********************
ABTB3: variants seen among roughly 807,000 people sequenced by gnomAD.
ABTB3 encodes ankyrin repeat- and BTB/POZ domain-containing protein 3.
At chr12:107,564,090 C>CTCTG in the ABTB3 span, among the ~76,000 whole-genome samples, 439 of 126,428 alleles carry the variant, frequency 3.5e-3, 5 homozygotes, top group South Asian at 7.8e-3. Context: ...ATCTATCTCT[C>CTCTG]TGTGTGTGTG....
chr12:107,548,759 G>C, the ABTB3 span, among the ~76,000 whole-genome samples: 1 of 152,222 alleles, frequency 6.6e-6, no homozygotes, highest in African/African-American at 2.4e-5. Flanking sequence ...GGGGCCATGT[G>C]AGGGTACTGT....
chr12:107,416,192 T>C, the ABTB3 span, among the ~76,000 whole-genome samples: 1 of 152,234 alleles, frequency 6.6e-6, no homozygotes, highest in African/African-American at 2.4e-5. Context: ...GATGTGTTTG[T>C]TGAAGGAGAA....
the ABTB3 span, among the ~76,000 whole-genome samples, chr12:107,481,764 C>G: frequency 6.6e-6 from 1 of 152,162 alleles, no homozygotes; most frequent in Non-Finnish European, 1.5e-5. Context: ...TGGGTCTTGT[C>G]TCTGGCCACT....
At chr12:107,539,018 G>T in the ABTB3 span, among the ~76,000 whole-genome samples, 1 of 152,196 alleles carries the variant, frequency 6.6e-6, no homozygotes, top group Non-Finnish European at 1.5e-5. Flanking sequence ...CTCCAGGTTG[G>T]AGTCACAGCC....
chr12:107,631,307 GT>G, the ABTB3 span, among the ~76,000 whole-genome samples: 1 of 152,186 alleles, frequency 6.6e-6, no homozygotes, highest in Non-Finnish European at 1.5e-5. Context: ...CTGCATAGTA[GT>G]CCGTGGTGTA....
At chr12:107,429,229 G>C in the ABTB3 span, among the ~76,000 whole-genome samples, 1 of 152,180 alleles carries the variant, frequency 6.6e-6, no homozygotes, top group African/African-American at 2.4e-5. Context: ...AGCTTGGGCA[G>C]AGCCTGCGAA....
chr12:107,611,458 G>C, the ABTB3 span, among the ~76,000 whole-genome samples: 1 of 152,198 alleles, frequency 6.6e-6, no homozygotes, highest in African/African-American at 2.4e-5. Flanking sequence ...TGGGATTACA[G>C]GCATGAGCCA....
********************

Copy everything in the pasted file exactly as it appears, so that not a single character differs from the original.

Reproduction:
ABTB3: variants seen among roughly 807,000 people sequenced by gnomAD.
ABTB3 encodes ankyrin repeat- and BTB/POZ domain-containing protein 3.
At chr12:107,564,090 C>CTCTG in the ABTB3 span, among the ~76,000 whole-genome samples, 439 of 126,428 alleles carry the variant, frequency 3.5e-3, 5 homozygotes, top group South Asian at 7.8e-3. Context: ...ATCTATCTCT[C>CTCTG]TGTGTGTGTG....
chr12:107,548,759 G>C, the ABTB3 span, among the ~76,000 whole-genome samples: 1 of 152,222 alleles, frequency 6.6e-6, no homozygotes, highest in African/African-American at 2.4e-5. Flanking sequence ...GGGGCCATGT[G>C]AGGGTACTGT....
chr12:107,416,192 T>C, the ABTB3 span, among the ~76,000 whole-genome samples: 1 of 152,234 alleles, frequency 6.6e-6, no homozygotes, highest in African/African-American at 2.4e-5. Context: ...GATGTGTTTG[T>C]TGAAGGAGAA....
the ABTB3 span, among the ~76,000 whole-genome samples, chr12:107,481,764 C>G: frequency 6.6e-6 from 1 of 152,162 alleles, no homozygotes; most frequent in Non-Finnish European, 1.5e-5. Context: ...TGGGTCTTGT[C>G]TCTGGCCACT....
At chr12:107,539,018 G>T in the ABTB3 span, among the ~76,000 whole-genome samples, 1 of 152,196 alleles carries the variant, frequency 6.6e-6, no homozygotes, top group Non-Finnish European at 1.5e-5. Flanking sequence ...CTCCAGGTTG[G>T]AGTCACAGCC....
chr12:107,631,307 GT>G, the ABTB3 span, among the ~76,000 whole-genome samples: 1 of 152,186 alleles, frequency 6.6e-6, no homozygotes, highest in Non-Finnish European at 1.5e-5. Context: ...CTGCATAGTA[GT>G]CCGTGGTGTA....
At chr12:107,429,229 G>C in the ABTB3 span, among the ~76,000 whole-genome samples, 1 of 152,180 alleles carries the variant, frequency 6.6e-6, no homozygotes, top group African/African-American at 2.4e-5. Context: ...AGCTTGGGCA[G>C]AGCCTGCGAA....
chr12:107,611,458 G>C, the ABTB3 span, among the ~76,000 whole-genome samples: 1 of 152,198 alleles, frequency 6.6e-6, no homozygotes, highest in African/African-American at 2.4e-5. Flanking sequence ...TGGGATTACA[G>C]GCATGAGCCA....